Mycoprotein is used in foods produced by the Quorn company. Quorn offers many vegetarian entrées and foods that use mycoprotein as a meat substitute.. It is derived from the fungus fusarium venenatum. Most people can tolerate mycoprotein, but some people experience unwanted and potentially harmful side effects from this protein source.
Digestive Side Effects
The Center for Science in the Public Interest reports that some people may experience vomiting, nausea and diarrhoea from consuming mycoprotein.
The CSPI also states that hives, although rare, may occur from consuming foods containing mycoprotein.
- Mycoprotein is used in foods produced by the Quorn company.
- The CSPI also states that hives, although rare, may occur from consuming foods containing mycoprotein.
The CSPI warns that potentially fatal anaphylactic reactions may occur in people severely allergic to mycoprotein. Signs of an anaphylactic reaction include swelling of the tongue and throat, and difficulty breathing.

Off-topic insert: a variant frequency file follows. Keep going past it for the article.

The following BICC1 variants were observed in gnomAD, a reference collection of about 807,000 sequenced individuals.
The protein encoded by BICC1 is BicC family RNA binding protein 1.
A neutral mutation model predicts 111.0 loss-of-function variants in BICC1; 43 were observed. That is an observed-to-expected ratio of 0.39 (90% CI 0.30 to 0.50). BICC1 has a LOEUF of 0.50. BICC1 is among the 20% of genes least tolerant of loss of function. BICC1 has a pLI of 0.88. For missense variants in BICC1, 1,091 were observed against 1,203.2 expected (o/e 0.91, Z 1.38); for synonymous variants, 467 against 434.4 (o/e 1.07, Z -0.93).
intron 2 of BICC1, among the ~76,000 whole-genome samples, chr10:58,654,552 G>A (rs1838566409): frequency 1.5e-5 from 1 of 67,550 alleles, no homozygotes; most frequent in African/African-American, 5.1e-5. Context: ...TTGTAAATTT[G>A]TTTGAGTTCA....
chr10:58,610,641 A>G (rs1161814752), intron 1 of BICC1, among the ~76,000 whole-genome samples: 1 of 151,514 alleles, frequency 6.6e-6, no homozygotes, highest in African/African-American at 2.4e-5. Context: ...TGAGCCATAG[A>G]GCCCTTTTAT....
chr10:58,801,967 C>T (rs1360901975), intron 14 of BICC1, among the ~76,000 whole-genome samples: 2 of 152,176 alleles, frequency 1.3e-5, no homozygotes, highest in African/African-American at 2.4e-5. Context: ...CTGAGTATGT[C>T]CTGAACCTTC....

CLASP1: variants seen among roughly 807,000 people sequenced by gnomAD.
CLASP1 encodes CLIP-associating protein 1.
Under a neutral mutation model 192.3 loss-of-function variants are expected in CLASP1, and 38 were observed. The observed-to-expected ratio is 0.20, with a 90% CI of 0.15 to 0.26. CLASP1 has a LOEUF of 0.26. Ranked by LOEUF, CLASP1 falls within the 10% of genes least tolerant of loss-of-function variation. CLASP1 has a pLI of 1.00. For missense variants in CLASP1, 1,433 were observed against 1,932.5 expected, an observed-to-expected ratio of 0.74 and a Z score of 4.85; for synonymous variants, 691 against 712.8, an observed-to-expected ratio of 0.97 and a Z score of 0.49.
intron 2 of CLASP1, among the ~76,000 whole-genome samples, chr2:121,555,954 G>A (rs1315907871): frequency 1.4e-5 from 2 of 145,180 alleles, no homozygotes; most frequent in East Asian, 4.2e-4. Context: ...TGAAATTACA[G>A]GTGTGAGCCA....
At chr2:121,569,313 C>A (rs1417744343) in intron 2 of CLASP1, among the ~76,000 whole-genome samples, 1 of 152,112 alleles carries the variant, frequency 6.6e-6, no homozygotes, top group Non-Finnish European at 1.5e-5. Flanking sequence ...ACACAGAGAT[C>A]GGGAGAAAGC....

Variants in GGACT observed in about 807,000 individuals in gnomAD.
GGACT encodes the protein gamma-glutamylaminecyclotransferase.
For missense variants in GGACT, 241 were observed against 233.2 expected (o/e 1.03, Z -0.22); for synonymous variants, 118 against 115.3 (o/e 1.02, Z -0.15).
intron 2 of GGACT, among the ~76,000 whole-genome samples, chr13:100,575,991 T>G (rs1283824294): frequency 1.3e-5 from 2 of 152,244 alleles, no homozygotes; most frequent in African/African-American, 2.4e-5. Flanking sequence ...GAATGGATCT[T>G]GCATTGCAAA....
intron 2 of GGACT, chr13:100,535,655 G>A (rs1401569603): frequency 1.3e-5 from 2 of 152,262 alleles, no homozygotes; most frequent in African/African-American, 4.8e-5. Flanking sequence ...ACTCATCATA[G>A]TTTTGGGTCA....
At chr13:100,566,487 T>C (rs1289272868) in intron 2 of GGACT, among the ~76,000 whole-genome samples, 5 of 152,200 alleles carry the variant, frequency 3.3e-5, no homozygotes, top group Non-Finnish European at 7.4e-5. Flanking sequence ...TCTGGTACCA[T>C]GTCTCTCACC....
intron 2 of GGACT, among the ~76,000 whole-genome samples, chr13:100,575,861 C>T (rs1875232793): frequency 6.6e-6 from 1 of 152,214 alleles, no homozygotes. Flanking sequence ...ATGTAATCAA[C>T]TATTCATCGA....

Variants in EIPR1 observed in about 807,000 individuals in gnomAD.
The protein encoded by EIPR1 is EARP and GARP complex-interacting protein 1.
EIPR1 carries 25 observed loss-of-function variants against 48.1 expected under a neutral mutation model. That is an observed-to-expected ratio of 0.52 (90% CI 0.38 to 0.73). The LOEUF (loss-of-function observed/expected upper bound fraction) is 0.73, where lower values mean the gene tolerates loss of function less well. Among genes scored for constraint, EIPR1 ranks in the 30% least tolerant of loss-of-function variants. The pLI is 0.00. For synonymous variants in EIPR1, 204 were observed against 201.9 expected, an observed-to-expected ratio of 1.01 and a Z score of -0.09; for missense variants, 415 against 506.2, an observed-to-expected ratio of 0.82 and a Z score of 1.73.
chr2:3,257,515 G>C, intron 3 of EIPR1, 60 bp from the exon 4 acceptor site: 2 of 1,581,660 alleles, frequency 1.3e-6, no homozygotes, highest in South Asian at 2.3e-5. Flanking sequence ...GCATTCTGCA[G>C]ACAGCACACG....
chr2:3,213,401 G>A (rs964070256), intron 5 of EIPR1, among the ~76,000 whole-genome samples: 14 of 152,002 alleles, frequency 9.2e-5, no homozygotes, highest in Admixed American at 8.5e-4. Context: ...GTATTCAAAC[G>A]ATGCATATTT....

While most people can tolerate mycoprotein, those who suffer from coeliac disease, have a sensitivity to gluten or are lactose intolerant should avoid mycoprotein. According to Mycoprotein.org, myocprotein contains gluten and a small level of lactose. Side effects may include bloating, diarrhoea, and stomach pain.
The governments of Great Britain and the U.S. have not found it necessary to require a warning about possible allergic reactions to mycoprotein to be placed on the labels of food containing this ingredient. Also, restaurants are not required to inform their patrons that they use mycoproteins in their vegetarian foods.